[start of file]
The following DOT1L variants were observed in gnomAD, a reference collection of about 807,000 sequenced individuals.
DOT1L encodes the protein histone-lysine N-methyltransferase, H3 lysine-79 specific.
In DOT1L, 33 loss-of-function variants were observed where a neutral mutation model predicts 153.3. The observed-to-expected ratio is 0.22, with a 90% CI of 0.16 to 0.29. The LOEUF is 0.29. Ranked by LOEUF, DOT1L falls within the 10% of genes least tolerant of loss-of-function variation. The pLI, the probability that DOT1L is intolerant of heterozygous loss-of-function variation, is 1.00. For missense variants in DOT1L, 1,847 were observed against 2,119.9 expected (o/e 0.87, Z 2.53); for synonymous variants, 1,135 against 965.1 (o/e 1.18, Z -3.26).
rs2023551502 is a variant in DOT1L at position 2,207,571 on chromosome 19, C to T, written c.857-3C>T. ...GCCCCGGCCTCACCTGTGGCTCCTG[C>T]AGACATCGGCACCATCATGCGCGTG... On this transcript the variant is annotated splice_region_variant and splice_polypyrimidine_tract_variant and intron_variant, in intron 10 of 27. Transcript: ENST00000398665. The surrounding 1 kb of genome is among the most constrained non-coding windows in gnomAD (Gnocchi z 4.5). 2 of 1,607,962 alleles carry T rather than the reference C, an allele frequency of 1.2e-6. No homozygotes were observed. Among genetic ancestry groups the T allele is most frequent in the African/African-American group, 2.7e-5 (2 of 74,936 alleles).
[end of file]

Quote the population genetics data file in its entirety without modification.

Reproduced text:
The following DOT1L variants were observed in gnomAD, a reference collection of about 807,000 sequenced individuals.
DOT1L encodes the protein histone-lysine N-methyltransferase, H3 lysine-79 specific.
In DOT1L, 33 loss-of-function variants were observed where a neutral mutation model predicts 153.3. The observed-to-expected ratio is 0.22, with a 90% CI of 0.16 to 0.29. The LOEUF is 0.29. Ranked by LOEUF, DOT1L falls within the 10% of genes least tolerant of loss-of-function variation. The pLI, the probability that DOT1L is intolerant of heterozygous loss-of-function variation, is 1.00. For missense variants in DOT1L, 1,847 were observed against 2,119.9 expected (o/e 0.87, Z 2.53); for synonymous variants, 1,135 against 965.1 (o/e 1.18, Z -3.26).
rs2023551502 is a variant in DOT1L at position 2,207,571 on chromosome 19, C to T, written c.857-3C>T. ...GCCCCGGCCTCACCTGTGGCTCCTG[C>T]AGACATCGGCACCATCATGCGCGTG... On this transcript the variant is annotated splice_region_variant and splice_polypyrimidine_tract_variant and intron_variant, in intron 10 of 27. Transcript: ENST00000398665. The surrounding 1 kb of genome is among the most constrained non-coding windows in gnomAD (Gnocchi z 4.5). 2 of 1,607,962 alleles carry T rather than the reference C, an allele frequency of 1.2e-6. No homozygotes were observed. Among genetic ancestry groups the T allele is most frequent in the African/African-American group, 2.7e-5 (2 of 74,936 alleles).